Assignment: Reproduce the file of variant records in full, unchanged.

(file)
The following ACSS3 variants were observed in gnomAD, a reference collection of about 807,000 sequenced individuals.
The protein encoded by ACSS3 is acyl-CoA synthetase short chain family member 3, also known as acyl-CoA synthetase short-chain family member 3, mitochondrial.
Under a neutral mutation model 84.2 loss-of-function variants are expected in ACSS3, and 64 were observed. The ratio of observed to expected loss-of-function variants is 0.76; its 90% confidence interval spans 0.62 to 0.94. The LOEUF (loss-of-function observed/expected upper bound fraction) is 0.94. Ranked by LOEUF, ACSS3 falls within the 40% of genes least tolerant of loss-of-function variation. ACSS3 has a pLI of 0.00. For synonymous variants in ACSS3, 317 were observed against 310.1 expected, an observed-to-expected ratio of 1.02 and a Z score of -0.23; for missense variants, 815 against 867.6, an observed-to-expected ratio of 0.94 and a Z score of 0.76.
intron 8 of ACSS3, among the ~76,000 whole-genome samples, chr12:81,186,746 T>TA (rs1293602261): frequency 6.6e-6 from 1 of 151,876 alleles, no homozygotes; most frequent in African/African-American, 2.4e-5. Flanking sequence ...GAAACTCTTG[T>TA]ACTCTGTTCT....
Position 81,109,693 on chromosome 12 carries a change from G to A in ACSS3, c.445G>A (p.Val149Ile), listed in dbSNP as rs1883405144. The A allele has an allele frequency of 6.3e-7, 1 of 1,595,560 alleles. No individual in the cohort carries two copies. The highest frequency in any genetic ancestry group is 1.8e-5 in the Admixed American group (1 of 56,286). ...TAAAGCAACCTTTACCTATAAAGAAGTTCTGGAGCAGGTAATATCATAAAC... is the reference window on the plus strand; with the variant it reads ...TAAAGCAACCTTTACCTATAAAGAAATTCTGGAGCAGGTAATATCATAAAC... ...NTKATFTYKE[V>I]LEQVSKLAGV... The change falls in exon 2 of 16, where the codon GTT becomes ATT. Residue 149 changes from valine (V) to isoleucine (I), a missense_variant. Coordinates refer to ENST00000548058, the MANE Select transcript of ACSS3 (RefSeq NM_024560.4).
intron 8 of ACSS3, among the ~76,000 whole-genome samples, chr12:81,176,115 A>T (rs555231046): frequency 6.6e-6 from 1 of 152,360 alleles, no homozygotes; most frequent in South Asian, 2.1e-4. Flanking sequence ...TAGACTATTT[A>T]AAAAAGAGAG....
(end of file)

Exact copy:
The following ACSS3 variants were observed in gnomAD, a reference collection of about 807,000 sequenced individuals.
The protein encoded by ACSS3 is acyl-CoA synthetase short chain family member 3, also known as acyl-CoA synthetase short-chain family member 3, mitochondrial.
Under a neutral mutation model 84.2 loss-of-function variants are expected in ACSS3, and 64 were observed. The ratio of observed to expected loss-of-function variants is 0.76; its 90% confidence interval spans 0.62 to 0.94. The LOEUF (loss-of-function observed/expected upper bound fraction) is 0.94. Ranked by LOEUF, ACSS3 falls within the 40% of genes least tolerant of loss-of-function variation. ACSS3 has a pLI of 0.00. For synonymous variants in ACSS3, 317 were observed against 310.1 expected, an observed-to-expected ratio of 1.02 and a Z score of -0.23; for missense variants, 815 against 867.6, an observed-to-expected ratio of 0.94 and a Z score of 0.76.
intron 8 of ACSS3, among the ~76,000 whole-genome samples, chr12:81,186,746 T>TA (rs1293602261): frequency 6.6e-6 from 1 of 151,876 alleles, no homozygotes; most frequent in African/African-American, 2.4e-5. Flanking sequence ...GAAACTCTTG[T>TA]ACTCTGTTCT....
Position 81,109,693 on chromosome 12 carries a change from G to A in ACSS3, c.445G>A (p.Val149Ile), listed in dbSNP as rs1883405144. The A allele has an allele frequency of 6.3e-7, 1 of 1,595,560 alleles. No individual in the cohort carries two copies. The highest frequency in any genetic ancestry group is 1.8e-5 in the Admixed American group (1 of 56,286). ...TAAAGCAACCTTTACCTATAAAGAAGTTCTGGAGCAGGTAATATCATAAAC... is the reference window on the plus strand; with the variant it reads ...TAAAGCAACCTTTACCTATAAAGAAATTCTGGAGCAGGTAATATCATAAAC... ...NTKATFTYKE[V>I]LEQVSKLAGV... The change falls in exon 2 of 16, where the codon GTT becomes ATT. Residue 149 changes from valine (V) to isoleucine (I), a missense_variant. Coordinates refer to ENST00000548058, the MANE Select transcript of ACSS3 (RefSeq NM_024560.4).
intron 8 of ACSS3, among the ~76,000 whole-genome samples, chr12:81,176,115 A>T (rs555231046): frequency 6.6e-6 from 1 of 152,360 alleles, no homozygotes; most frequent in South Asian, 2.1e-4. Flanking sequence ...TAGACTATTT[A>T]AAAAAGAGAG....